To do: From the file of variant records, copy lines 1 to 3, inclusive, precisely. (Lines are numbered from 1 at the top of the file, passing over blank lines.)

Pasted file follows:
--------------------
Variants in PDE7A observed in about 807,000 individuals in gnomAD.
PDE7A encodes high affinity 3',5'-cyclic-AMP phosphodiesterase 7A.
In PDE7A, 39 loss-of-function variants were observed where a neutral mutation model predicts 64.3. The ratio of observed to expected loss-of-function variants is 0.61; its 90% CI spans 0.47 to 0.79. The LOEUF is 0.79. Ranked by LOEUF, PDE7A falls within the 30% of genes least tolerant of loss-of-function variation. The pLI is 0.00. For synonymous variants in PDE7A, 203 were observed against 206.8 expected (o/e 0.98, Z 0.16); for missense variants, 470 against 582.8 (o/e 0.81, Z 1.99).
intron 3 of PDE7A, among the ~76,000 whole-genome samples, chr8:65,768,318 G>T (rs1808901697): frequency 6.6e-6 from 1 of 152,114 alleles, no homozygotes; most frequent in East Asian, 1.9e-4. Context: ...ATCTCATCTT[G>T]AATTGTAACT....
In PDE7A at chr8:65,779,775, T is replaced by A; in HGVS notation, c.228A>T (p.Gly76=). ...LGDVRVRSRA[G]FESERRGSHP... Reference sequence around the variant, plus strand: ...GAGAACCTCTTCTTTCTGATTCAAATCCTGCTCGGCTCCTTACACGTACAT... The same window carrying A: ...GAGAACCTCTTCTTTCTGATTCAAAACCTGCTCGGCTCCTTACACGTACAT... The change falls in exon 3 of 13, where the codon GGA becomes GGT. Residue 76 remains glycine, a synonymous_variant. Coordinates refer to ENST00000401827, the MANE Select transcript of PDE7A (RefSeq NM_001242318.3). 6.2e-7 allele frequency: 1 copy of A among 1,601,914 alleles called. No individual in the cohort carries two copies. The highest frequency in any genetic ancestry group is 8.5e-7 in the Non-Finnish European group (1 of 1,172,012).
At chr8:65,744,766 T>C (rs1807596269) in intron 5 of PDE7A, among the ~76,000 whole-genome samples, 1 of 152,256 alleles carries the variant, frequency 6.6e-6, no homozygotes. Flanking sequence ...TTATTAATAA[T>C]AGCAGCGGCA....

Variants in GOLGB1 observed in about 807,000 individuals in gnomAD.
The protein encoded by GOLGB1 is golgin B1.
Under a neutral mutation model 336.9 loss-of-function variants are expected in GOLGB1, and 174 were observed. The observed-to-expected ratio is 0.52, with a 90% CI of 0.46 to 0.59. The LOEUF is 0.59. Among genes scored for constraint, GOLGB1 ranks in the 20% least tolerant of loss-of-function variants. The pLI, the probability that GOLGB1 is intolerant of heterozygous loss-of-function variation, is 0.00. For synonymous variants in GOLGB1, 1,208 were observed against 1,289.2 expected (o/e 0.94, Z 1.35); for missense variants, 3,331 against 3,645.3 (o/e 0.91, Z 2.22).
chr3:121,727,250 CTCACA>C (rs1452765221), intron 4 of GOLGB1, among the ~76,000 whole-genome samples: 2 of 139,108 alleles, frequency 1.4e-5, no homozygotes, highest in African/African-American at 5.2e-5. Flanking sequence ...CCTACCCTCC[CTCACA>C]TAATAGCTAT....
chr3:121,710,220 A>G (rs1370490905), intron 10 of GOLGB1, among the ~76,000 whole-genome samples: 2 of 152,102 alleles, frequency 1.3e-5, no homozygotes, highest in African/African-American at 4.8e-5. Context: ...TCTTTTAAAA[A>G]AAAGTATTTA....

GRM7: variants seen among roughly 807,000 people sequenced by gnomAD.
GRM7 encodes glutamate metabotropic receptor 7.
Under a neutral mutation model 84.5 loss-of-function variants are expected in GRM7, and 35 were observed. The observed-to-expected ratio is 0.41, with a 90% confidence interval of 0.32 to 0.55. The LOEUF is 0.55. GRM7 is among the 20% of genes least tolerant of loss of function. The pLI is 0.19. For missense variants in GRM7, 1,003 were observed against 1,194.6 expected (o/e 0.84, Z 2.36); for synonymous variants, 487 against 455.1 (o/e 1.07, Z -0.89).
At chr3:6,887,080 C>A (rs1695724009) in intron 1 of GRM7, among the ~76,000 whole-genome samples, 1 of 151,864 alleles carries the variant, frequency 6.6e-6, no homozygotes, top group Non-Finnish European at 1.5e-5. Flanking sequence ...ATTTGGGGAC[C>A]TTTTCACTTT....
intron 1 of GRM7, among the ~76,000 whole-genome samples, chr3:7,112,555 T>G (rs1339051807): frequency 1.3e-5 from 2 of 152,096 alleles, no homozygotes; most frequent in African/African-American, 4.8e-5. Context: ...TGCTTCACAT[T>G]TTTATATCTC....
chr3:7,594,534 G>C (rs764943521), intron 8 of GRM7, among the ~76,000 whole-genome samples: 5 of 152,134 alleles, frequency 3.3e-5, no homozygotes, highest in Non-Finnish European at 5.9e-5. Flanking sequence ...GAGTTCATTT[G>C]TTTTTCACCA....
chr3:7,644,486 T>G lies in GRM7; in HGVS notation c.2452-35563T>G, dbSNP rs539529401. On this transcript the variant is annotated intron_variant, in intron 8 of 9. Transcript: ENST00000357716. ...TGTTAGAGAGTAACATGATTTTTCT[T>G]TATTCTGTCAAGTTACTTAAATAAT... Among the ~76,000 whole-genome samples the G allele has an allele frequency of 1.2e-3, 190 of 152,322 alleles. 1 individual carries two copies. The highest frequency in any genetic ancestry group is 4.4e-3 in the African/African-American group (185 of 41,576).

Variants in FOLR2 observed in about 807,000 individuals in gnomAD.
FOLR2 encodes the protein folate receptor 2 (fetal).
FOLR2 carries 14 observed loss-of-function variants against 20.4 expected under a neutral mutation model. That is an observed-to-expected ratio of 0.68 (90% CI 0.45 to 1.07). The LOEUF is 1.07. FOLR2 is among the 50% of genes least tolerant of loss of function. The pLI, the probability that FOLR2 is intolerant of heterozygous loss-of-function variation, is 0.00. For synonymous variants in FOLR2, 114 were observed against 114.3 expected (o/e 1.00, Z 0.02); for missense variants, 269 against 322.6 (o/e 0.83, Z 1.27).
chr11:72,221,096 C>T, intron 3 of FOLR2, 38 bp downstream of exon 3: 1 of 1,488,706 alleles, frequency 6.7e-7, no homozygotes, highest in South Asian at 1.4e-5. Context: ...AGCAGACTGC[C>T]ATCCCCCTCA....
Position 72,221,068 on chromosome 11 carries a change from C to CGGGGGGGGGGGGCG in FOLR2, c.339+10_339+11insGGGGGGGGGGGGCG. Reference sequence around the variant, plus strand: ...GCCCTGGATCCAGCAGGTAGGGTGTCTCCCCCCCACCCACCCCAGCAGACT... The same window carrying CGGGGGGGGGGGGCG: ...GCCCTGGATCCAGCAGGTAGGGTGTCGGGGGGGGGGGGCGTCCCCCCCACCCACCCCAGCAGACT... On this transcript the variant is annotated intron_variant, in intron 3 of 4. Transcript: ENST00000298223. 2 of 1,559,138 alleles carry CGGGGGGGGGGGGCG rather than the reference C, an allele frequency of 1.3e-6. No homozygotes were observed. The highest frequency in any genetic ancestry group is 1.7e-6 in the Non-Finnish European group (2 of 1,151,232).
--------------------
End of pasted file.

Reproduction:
Variants in PDE7A observed in about 807,000 individuals in gnomAD.
PDE7A encodes high affinity 3',5'-cyclic-AMP phosphodiesterase 7A.
In PDE7A, 39 loss-of-function variants were observed where a neutral mutation model predicts 64.3. The ratio of observed to expected loss-of-function variants is 0.61; its 90% CI spans 0.47 to 0.79. The LOEUF is 0.79. Ranked by LOEUF, PDE7A falls within the 30% of genes least tolerant of loss-of-function variation. The pLI is 0.00. For synonymous variants in PDE7A, 203 were observed against 206.8 expected (o/e 0.98, Z 0.16); for missense variants, 470 against 582.8 (o/e 0.81, Z 1.99).